Up until a few days ago, I was under the impression that there was only one, client side software. For those who don’t want to use a third party email provider such as Google or Hotmail to filter their spam, a piece of software could be installed that would monitor the email coming in and then determine whether or not it would be spam based on certain algorithms. If it was spam it would put it in a folder that you could just ignore. The solution I had chosen was SpamSieve, and for the best part it worked very well. There was however one small caveat, in order for the spam filtering to be effective, at least one of my computers had to be on in order to filter out the spam before being retrieved by my iOS devices.
In the early days this wasn’t too bad, as I only received a few spam messages a day, however over the past few month I have been receiving between 10 and 20 spam messages an hour!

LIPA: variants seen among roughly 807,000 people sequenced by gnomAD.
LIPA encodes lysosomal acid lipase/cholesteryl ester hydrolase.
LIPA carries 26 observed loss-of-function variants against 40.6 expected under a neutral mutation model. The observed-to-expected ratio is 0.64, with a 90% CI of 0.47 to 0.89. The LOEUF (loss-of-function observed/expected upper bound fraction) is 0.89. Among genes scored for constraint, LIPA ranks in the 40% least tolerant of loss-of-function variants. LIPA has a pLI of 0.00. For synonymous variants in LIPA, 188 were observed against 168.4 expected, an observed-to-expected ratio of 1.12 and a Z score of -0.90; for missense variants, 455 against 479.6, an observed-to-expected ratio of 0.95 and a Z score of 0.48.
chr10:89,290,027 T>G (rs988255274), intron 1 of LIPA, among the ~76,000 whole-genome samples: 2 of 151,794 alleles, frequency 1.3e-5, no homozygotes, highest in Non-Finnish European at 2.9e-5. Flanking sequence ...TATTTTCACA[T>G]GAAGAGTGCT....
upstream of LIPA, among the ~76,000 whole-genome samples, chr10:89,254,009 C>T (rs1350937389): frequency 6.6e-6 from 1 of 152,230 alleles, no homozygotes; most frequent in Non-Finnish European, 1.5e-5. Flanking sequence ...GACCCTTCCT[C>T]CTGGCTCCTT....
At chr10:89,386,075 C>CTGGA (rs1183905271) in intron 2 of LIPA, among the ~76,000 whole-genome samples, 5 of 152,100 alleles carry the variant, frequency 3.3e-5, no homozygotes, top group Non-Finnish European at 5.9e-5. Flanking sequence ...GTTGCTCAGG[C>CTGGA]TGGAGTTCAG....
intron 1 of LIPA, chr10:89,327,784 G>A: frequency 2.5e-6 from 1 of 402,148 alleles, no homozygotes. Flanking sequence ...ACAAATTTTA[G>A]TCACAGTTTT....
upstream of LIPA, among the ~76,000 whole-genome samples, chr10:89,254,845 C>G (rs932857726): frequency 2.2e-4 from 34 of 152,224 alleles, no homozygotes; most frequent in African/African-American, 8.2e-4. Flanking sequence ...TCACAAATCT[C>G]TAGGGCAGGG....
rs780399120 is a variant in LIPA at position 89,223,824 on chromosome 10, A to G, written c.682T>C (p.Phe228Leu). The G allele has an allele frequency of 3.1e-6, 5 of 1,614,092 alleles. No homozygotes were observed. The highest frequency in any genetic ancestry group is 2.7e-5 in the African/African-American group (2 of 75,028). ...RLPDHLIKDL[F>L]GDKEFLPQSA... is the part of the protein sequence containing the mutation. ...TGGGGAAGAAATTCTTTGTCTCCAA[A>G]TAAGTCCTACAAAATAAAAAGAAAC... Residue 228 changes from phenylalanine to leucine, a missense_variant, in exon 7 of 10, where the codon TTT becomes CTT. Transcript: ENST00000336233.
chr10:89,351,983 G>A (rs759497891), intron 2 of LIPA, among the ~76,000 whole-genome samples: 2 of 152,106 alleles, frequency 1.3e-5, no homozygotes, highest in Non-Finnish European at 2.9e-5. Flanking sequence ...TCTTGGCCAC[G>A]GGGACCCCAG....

SpamSieve, as well as other client side spam filters work on the process of ‘blacklisting’, whereby the filter says everything is good unless you tell it that its bad. The filter then attempts to work out what is good by looking at your address book, and key words associated with spam contained within the body and subject of the message.
This is all very well and good, however spammers are getting more sophisticated, either tricking the filter to allow the message through as good, or confusing it to such an extent that it requires your intervention. Over time this has become more of a hassle.
Not surprisingly ‘whitelisting’ is the opposite of ‘blacklisting’, which everything is suspected to be spam until you tell it otherwise. This is the process which Spam Arrest uses, what more its server side, meaning that its spam filtering is applied to all devices that access your email whether or not they have client side spam filtering on.
Spam Arrest is a subscription based service, with price plans ranging from $5.95 (£3.75) per month, to $89.95 (£56.66) per 24 months thereby receiving a 47% discount. Rather than try and explain how it works, here is a video which I think explains it quite well: